Selective survival, aging and society

Kyriakos Markides, Richard Machalek

Research output: Contribution to journalArticle

58 Citations (Scopus)

Abstract

The concept of selective survival to advanced ages is introduced and discussed in relation to the black/white mortality "crossover" in the United States. Crossover refers to the phenomenon wherein black mortality rates become lower than white mortality rates after approximately age 75. This reversal of mortality rates between advantaged and disadvantaged populations also occurs between Native Americans and whites. Such crossovers have significant implications for explaining differences in patterns of aging across populations. We argue that higher rates of selective survival in disadvantaged, high mortality populations result in a greater proportion of healthy, very old people who may require less nursing-home care, who have low suicide rates, and who enjoy higher status in the family and community. Differences between populations with regard to selective survival imply that chronological age alone is not always a useful measure of aging and old age. Finally, we identify further lines of inquiry about selective survival and its effects on aging.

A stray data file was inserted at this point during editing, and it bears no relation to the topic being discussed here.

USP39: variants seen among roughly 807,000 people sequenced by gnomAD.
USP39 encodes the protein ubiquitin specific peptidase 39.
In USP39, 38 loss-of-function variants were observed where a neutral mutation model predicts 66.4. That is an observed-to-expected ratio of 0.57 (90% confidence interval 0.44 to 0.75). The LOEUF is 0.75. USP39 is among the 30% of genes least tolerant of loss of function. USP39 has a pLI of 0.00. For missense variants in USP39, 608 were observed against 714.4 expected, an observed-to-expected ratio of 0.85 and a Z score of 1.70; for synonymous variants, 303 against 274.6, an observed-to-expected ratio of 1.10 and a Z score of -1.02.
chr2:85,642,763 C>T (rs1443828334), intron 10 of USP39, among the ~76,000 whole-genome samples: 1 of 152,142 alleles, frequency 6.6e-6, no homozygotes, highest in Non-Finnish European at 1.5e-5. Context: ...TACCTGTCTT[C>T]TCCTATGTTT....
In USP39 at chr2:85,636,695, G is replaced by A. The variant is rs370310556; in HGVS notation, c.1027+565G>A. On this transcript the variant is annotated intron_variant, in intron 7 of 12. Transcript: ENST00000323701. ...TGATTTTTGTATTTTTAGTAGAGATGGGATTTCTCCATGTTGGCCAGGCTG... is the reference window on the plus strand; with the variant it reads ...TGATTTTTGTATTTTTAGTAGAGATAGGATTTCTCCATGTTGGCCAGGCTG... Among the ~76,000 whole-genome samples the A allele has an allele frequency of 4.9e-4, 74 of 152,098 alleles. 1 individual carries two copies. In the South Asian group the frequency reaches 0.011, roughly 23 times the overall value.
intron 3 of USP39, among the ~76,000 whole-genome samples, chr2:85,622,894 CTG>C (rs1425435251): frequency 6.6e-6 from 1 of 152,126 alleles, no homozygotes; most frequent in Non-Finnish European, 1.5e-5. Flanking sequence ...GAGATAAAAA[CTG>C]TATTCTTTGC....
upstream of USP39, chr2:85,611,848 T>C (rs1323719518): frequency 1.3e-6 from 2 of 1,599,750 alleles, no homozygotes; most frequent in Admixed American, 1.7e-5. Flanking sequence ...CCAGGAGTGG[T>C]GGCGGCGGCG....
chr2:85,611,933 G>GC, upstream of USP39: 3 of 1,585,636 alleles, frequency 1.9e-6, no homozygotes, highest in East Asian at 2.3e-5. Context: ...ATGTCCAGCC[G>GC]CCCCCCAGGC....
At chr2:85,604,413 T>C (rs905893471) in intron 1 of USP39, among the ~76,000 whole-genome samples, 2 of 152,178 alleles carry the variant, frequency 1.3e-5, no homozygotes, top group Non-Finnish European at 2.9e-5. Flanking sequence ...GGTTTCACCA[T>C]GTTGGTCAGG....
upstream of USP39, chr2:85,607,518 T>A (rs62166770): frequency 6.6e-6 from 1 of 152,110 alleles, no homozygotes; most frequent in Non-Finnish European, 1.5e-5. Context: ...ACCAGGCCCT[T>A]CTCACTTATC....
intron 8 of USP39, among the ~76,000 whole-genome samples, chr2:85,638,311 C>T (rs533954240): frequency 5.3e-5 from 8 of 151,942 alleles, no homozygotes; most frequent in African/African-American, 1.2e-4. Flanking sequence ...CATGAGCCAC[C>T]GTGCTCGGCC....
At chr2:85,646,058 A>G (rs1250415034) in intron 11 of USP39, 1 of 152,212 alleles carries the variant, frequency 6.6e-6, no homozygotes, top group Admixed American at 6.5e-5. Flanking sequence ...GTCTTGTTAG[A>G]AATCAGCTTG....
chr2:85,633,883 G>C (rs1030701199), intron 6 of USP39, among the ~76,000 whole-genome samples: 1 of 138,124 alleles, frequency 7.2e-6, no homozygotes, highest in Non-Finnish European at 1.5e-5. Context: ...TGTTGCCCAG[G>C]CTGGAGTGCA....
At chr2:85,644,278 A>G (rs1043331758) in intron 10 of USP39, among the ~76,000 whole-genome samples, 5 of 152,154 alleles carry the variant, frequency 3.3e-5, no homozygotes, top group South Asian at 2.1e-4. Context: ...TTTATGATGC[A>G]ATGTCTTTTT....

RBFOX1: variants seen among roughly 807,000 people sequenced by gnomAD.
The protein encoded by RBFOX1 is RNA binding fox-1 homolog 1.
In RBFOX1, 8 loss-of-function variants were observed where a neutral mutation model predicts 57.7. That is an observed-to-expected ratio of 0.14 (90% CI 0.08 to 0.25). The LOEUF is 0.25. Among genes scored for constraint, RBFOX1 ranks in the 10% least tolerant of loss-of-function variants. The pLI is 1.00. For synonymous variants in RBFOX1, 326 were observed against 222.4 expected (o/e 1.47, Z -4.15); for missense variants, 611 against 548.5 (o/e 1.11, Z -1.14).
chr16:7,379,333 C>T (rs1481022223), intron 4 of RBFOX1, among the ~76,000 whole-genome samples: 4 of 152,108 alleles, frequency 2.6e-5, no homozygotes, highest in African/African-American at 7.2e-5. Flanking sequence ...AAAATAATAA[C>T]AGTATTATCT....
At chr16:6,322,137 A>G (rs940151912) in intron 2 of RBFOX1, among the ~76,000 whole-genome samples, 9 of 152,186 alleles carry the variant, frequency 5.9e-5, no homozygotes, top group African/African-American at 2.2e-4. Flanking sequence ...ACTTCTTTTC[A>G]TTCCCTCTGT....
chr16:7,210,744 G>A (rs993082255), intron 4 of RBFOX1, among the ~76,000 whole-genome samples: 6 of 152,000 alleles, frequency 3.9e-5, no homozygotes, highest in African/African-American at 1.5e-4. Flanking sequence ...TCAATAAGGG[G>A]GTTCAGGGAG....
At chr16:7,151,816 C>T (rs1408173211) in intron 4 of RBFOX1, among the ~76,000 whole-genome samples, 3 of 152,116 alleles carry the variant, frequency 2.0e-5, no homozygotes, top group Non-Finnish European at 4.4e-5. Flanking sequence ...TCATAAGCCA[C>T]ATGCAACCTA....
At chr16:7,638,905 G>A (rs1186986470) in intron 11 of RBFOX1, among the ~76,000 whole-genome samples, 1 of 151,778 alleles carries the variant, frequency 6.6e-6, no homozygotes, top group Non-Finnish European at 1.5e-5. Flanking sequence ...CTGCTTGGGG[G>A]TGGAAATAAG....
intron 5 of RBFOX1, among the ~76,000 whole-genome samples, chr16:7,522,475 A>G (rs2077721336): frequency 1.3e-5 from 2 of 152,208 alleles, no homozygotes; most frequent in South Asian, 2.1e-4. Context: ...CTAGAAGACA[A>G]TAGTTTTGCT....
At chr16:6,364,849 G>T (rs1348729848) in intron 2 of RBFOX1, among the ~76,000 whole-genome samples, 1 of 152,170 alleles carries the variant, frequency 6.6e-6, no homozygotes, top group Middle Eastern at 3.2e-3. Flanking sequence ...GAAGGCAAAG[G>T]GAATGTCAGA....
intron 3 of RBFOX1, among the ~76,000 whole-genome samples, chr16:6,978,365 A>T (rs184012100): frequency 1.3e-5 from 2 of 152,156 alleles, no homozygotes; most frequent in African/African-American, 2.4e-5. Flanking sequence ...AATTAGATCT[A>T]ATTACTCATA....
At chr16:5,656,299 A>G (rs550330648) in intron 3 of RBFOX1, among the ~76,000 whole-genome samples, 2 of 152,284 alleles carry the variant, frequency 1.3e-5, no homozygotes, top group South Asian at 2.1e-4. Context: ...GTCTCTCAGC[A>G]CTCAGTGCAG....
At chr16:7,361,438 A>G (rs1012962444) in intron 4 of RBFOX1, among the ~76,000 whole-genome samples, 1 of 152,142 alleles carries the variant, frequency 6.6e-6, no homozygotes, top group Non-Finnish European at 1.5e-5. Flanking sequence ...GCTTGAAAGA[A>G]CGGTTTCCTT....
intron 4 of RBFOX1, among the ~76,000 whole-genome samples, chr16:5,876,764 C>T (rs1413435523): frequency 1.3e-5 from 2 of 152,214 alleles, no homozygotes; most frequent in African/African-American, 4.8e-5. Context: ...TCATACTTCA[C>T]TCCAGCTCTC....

Original languageEnglish (US)
Pages (from-to)207-222
Number of pages16
JournalArchives of Gerontology and Geriatrics
Volume3
Issue number3
DOIs
StatePublished - 1984

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mortality
Survival
Mortality
Vulnerable Populations
Population
suicide rate
North American Indians
Home Care Services
Nursing Care
nursing home
Nursing Homes
old age
home care
Suicide
Survival Rate
Society
community

Keywords

  • cross-cultural aspects
  • longevity
  • minority populations
  • mortality
  • survival

ASJC Scopus subject areas

  • Aging
  • Medicine(all)

Cite this

Selective survival, aging and society. / Markides, Kyriakos; Machalek, Richard.

In: Archives of Gerontology and Geriatrics, Vol. 3, No. 3, 1984, p. 207-222.

Research output: Contribution to journalArticle

Markides, Kyriakos ; Machalek, Richard. / Selective survival, aging and society. In: Archives of Gerontology and Geriatrics. 1984 ; Vol. 3, No. 3. pp. 207-222.
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